(JTA) — The Georgia legislature approved a hate crimes bill that allows a longer sentence for crimes deemed to be based on a particular bias.
The effort was led in part by the Hate Free Georgia Coalition, a group of 35 nonprofit groups organized by the Anti-Defamation League, the Atlanta Jewish Times reported. Jewish groups have been lobbying for many years for such legislation.
Gov. Brian Kemp will sign the bill, pending legal review, CNN reported, citing Kemp’s communications director.
The measure passed the State Senate in a 47-7 vote and the State House in 127-38 vote on Tuesday.
It was passed on the same day as the funeral in Atlanta for Rayshard Brooks, a Black man who was shot and killed by an Atlanta police officer as he fled with the officer’s Taser following a struggle with two officers.
The bill allows an extra 12 months of imprisonment and a fine of up to $5,000 for a misdemeanor conviction and up to two extra years jail time for a felony conviction if the defendant acted with bias because of the victim’s race, color, religion, national origin, gender, sexual orientation, mental disability or physical disability.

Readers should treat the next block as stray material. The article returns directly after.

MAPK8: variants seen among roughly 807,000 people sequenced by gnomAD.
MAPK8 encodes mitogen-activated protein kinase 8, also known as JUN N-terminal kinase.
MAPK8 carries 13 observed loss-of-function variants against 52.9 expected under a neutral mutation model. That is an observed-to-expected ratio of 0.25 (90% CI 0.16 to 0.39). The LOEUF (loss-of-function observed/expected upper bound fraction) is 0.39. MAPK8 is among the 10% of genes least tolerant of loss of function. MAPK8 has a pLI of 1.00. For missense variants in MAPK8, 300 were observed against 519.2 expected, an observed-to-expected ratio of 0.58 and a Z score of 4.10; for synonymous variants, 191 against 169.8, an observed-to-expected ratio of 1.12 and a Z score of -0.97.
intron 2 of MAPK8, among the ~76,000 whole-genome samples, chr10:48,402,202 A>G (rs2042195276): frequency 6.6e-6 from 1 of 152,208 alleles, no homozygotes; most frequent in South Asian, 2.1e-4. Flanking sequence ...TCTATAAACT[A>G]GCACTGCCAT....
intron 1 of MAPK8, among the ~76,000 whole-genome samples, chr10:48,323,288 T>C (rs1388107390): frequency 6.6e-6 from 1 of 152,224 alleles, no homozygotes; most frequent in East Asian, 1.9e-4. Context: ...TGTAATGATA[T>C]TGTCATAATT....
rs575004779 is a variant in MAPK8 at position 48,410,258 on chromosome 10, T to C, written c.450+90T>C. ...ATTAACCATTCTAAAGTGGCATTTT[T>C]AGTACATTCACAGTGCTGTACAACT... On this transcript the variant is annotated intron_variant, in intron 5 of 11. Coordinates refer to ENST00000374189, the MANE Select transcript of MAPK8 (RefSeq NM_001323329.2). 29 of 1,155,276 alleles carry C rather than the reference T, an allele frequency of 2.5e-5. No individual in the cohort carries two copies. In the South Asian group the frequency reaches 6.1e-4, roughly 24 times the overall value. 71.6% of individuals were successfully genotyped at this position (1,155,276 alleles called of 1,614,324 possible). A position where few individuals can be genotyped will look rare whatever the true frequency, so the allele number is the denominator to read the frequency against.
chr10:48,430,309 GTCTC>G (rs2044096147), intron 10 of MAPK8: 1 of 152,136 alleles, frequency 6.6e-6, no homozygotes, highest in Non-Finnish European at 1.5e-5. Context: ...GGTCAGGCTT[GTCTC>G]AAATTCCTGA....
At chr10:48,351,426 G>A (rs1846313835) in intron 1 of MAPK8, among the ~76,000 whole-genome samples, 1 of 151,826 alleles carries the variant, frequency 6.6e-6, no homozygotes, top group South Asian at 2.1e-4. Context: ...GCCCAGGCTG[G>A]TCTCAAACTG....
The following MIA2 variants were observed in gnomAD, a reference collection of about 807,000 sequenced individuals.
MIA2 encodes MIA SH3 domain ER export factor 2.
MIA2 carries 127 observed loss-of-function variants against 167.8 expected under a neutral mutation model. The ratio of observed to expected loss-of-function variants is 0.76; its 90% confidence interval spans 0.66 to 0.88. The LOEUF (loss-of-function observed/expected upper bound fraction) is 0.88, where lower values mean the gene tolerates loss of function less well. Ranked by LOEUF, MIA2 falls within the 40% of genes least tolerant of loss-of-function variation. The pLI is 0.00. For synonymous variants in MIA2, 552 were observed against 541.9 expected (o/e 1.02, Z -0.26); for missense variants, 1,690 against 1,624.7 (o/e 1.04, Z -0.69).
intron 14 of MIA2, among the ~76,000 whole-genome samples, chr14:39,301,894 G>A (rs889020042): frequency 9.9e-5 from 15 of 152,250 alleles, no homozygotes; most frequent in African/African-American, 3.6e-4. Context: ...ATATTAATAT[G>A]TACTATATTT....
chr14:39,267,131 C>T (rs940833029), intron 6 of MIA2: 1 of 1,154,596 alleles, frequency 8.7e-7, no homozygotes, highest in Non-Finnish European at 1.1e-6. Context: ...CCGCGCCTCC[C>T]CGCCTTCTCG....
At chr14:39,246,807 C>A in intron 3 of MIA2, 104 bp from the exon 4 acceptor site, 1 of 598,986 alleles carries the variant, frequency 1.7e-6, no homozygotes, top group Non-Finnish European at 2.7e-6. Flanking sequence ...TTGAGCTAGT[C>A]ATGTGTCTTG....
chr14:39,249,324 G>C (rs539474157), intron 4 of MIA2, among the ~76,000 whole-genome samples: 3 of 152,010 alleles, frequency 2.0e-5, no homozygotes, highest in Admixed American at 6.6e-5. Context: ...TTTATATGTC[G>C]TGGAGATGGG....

It took on greater urgency following the February shooting of Ahmaud Arbery, a Black man killed while jogging. Three white men have been charged with murder in the case, but they will not be eligible for the sentencing enhancements if found guilty because the crime took place before the law was passed.
With the passage of a hate crime law in Georgia, only three states – Arkansas, South Carolina and Wyoming – do not have any such legislation on their books. A Georgia hate crime law passed in 2000 was thrown out by the state Supreme Court as “unconstitutionally vague” because it did not specifically name the protected groups, according to the Jewish Times.
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